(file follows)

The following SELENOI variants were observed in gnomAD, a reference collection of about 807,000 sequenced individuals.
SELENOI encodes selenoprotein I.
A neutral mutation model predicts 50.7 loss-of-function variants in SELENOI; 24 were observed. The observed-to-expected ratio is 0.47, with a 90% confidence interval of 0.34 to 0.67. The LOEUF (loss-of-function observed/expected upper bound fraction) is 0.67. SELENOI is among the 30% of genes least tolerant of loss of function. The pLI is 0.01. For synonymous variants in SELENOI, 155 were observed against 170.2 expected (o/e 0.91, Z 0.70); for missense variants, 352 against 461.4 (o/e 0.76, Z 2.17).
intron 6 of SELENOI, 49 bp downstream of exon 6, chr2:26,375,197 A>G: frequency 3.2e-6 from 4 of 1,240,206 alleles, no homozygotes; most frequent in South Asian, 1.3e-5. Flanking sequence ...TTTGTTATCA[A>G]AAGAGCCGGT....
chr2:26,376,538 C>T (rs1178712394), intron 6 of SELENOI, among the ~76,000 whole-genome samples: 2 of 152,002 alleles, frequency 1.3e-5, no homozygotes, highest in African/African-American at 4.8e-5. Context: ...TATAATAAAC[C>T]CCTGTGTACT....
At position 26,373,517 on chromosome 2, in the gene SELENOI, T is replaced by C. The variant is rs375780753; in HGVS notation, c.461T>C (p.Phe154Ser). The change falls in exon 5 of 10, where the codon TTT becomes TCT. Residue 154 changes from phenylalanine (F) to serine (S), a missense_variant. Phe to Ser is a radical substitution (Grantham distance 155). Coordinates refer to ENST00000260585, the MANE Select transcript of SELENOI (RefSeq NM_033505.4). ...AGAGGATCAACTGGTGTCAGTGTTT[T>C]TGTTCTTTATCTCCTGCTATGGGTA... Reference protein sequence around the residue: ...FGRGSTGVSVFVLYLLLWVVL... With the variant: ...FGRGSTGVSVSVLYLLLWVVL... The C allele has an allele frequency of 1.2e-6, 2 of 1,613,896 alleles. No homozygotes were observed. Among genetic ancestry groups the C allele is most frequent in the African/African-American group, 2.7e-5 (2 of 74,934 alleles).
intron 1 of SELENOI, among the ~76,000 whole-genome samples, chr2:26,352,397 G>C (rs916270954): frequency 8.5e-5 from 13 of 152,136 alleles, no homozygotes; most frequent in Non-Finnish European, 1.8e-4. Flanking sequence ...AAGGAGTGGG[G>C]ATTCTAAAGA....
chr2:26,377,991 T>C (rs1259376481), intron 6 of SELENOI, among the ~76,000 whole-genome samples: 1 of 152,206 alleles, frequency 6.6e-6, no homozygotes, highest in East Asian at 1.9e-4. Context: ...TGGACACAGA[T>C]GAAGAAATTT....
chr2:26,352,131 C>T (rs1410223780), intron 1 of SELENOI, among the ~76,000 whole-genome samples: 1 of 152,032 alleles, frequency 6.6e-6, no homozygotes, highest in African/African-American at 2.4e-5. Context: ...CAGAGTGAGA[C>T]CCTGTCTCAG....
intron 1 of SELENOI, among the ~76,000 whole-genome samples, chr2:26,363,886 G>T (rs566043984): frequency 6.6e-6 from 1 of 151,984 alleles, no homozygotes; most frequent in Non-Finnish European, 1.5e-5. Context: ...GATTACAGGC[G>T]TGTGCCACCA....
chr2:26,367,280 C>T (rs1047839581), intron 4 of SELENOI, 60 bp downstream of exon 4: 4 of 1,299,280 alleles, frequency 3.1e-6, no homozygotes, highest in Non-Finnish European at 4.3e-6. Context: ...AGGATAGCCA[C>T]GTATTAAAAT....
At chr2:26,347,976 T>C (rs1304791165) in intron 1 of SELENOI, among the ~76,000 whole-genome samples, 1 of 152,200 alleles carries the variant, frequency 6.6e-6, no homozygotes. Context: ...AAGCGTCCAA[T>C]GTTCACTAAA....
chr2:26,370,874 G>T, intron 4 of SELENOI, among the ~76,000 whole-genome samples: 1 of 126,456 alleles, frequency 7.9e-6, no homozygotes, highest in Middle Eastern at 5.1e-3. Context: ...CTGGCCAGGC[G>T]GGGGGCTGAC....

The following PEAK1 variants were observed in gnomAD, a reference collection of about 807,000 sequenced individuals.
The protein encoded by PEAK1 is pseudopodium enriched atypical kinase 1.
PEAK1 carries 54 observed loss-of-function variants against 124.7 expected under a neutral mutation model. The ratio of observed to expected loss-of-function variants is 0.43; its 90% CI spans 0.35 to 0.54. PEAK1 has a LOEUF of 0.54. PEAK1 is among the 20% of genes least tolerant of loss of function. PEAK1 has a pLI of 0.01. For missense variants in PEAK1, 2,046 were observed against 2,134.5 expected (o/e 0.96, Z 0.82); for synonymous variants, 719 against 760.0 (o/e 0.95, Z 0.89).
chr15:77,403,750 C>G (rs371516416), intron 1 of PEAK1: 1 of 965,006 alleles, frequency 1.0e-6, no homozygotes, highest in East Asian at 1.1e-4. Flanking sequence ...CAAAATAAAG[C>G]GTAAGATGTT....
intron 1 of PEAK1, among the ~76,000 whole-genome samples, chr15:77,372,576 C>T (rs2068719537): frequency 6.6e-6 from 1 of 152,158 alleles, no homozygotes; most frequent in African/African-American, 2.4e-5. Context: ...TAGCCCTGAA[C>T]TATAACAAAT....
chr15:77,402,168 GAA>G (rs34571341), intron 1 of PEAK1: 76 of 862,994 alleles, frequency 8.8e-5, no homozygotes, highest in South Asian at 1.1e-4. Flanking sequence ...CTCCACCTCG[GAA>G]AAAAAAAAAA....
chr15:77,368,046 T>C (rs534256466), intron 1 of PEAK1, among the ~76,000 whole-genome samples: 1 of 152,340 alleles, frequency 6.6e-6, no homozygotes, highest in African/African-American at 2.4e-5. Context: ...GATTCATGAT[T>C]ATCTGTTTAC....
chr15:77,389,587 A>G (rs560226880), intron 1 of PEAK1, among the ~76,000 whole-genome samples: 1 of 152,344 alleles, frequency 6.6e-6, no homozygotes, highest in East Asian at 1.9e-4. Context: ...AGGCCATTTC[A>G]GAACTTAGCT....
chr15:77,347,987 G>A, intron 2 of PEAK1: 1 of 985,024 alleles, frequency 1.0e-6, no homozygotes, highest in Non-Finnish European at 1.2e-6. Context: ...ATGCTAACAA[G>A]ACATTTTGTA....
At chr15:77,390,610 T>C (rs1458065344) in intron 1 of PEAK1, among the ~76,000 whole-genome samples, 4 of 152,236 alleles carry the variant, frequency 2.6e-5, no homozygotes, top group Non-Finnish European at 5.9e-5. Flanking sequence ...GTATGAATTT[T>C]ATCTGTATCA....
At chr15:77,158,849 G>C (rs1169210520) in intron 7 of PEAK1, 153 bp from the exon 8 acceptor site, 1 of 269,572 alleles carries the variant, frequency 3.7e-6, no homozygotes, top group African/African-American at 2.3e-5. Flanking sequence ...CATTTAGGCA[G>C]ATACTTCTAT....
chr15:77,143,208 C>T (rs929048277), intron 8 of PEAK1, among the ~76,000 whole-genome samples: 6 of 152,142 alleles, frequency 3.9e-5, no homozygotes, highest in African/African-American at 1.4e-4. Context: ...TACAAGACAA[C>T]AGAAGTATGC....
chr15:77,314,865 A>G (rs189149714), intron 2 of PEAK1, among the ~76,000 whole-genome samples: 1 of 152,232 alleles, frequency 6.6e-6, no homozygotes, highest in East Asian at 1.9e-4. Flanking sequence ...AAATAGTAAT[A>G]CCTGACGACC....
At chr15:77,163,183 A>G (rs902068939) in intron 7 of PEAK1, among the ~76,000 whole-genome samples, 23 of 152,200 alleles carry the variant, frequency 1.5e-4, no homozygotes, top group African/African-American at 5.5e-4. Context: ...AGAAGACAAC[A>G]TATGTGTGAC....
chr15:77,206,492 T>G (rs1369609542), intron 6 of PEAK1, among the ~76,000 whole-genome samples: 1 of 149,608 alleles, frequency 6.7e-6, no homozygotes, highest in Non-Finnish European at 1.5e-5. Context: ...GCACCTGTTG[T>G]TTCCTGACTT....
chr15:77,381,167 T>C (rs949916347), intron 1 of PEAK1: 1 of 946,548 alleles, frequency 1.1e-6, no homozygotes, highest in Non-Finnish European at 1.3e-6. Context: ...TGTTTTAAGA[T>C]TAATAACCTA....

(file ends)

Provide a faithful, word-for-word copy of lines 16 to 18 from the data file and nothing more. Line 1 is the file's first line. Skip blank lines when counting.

PEAK1 carries 54 observed loss-of-function variants against 124.7 expected under a neutral mutation model. The ratio of observed to expected loss-of-function variants is 0.43; its 90% CI spans 0.35 to 0.54. PEAK1 has a LOEUF of 0.54. PEAK1 is among the 20% of genes least tolerant of loss of function. PEAK1 has a pLI of 0.01. For missense variants in PEAK1, 2,046 were observed against 2,134.5 expected (o/e 0.96, Z 0.82); for synonymous variants, 719 against 760.0 (o/e 0.95, Z 0.89).
chr15:77,403,750 C>G (rs371516416), intron 1 of PEAK1: 1 of 965,006 alleles, frequency 1.0e-6, no homozygotes, highest in East Asian at 1.1e-4. Flanking sequence ...CAAAATAAAG[C>G]GTAAGATGTT....
intron 1 of PEAK1, among the ~76,000 whole-genome samples, chr15:77,372,576 C>T (rs2068719537): frequency 6.6e-6 from 1 of 152,158 alleles, no homozygotes; most frequent in African/African-American, 2.4e-5. Context: ...TAGCCCTGAA[C>T]TATAACAAAT....